Ferocious death-doom meets with melodic atmospheres on Oceanwake’s second album, Sunless – a title that’s not quite a full summary of what the Finnish five-piece have on offer throughout the four tracks/44 minutes. Opener “The Lay of an Oncoming Storm,” also the longest cut at 15:35 (immediate points), shifts back and forth between lumbering brutality and sparse guitar atmospherics, and while one waits for the inevitable clean vocals that would put Oceanwake in league with countrymen Swallow the Sun, they don’t come yet. Instead, the track explodes into crashes and screams. Ten-minute closer “Ephemeral” holds the most satisfying build, but between the two, “Parhelion” (9:09) and “Avanturine” (8:03) manage to remind of the particular melancholic beauty of death-doom – including some of those melodic vocals – and how resonant its contrast of light and dark can be when held together by an emotional core as resonant as that of Oceanwake. Sunless is gorgeous and devastating, and not necessarily alternating between the two.

Oceanwake on Thee Facebooks

ViciSolum Productions on Bandcamp

Lunar Electric, Lunar Electric

lunar-electric-lunar-electric

While one struggles not to be skeptical of any release in this day and age that opens with a “Radio Edit,” I won’t discount the quality of songwriting L.A.-based Lunar Electric display throughout their self-titled EP. Now a duo driven by guitarist/vocalist Dre DiMura, the band is highly-stylized but brims with a classic heavy rock swagger in “Bread and Circuses” (the aforementioned radio edit) and the subsequent “Moonlight,” a steady swing emerging in layers of heavy riffing and DiMura’s own croon, pushed ahead by the straightforward drumming of Kaleen Reading and the low-end heft of bassist Geena Spigarelli. They make a solid trio across “Moonlight” and “Sleepwaker,” which follows with its chugging break foreshadowing closer “Crossfire Child” (video premiere here) while building a tension of its own, though it seems unlikely that whatever Lunar Electric do next will have the same lineup because of geographic spread. Too bad. While young, and somewhat brooding, Lunar Electric nonetheless offer up a work of marked potential in their EP’s quick 17-minute span.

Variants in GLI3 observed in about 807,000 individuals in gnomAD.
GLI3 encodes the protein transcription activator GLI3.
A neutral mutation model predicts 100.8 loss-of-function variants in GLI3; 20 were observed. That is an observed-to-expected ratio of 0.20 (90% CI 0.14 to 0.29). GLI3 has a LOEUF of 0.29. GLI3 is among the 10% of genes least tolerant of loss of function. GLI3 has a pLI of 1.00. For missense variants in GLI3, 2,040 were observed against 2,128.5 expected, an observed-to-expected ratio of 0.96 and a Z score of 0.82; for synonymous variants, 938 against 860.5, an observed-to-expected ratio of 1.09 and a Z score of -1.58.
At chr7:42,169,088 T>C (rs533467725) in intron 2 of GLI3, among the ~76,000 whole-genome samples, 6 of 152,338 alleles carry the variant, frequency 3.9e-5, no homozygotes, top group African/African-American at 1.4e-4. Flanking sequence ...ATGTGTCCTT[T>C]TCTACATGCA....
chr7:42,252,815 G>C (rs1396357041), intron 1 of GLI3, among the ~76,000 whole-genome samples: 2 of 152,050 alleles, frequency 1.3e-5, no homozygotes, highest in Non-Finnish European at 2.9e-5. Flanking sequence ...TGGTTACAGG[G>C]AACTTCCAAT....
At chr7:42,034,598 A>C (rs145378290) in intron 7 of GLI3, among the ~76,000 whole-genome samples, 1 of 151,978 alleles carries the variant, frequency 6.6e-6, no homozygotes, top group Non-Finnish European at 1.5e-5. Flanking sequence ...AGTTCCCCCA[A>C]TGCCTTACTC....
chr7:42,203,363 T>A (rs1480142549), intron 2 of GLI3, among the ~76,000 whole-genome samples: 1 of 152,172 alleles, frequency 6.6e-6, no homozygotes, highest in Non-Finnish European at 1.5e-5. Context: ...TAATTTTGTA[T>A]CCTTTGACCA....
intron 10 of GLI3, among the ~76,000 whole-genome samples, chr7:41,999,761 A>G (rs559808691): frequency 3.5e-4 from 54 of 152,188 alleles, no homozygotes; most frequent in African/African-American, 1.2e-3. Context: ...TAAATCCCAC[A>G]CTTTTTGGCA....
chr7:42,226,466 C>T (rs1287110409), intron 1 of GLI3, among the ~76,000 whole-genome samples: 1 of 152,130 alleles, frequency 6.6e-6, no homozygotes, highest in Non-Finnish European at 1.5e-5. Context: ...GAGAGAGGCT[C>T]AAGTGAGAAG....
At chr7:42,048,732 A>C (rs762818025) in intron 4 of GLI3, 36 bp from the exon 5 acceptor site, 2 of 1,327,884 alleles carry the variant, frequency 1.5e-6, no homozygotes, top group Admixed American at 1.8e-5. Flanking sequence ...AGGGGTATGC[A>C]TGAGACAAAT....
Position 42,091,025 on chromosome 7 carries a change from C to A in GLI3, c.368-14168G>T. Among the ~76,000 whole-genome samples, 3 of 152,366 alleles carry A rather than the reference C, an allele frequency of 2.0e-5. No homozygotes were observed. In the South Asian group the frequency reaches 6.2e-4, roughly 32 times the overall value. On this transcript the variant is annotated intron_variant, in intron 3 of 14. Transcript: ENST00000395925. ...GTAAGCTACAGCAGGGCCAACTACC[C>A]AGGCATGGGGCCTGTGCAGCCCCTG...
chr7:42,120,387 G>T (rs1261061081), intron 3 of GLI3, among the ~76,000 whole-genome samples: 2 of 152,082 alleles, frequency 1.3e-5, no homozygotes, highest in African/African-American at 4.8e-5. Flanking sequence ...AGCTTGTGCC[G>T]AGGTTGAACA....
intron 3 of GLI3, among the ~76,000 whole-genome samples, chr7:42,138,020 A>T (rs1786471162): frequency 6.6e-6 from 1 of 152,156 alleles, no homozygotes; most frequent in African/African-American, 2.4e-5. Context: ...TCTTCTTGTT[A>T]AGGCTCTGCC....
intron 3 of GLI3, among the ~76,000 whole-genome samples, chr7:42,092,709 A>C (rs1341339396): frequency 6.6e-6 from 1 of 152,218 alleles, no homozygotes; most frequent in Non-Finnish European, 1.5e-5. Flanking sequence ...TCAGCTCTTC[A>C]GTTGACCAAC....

Dre DiMura’s website

Dre DiMura on Instagram

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Quarterly Review: King Hitter, Desert Storm, Sendelica, Drifter, Sula Bassana, Strange Here, Once-Ler, Waingro, Motorgoat, The Seduction

Posted in Reviews on March 30th, 2015 by H.P. Taskmaster

quarterly review

I must be out of my damned mind. After wrapping up last year with a special feature comprising 50 reviews spread over five days, I’ve somehow decided that it’s not a bad way to do things. So here we are. It’s been three months, that’s a quarter of a year, so it seems only fair to have a Quarterly Review to catch up on some things that might otherwise have gone missed.

And that’s precisely what we’ll do. Between now and Friday, it’ll be 10 reviews per day, rounding up releases from the last couple months. Some are out now, some aren’t out yet, but it’s all recent one way or another. Like with the Last Licks 2014, I’ll be checking in each day as well. Should be fun to see how my mental status deteriorates over the course of the next few days, until my brains are little more than a stinky jelly dripping from out my ears on Friday. At least that’s how I remember it going last time.

So let’s go:

King Hitter, King Hitter

king hitter king hitter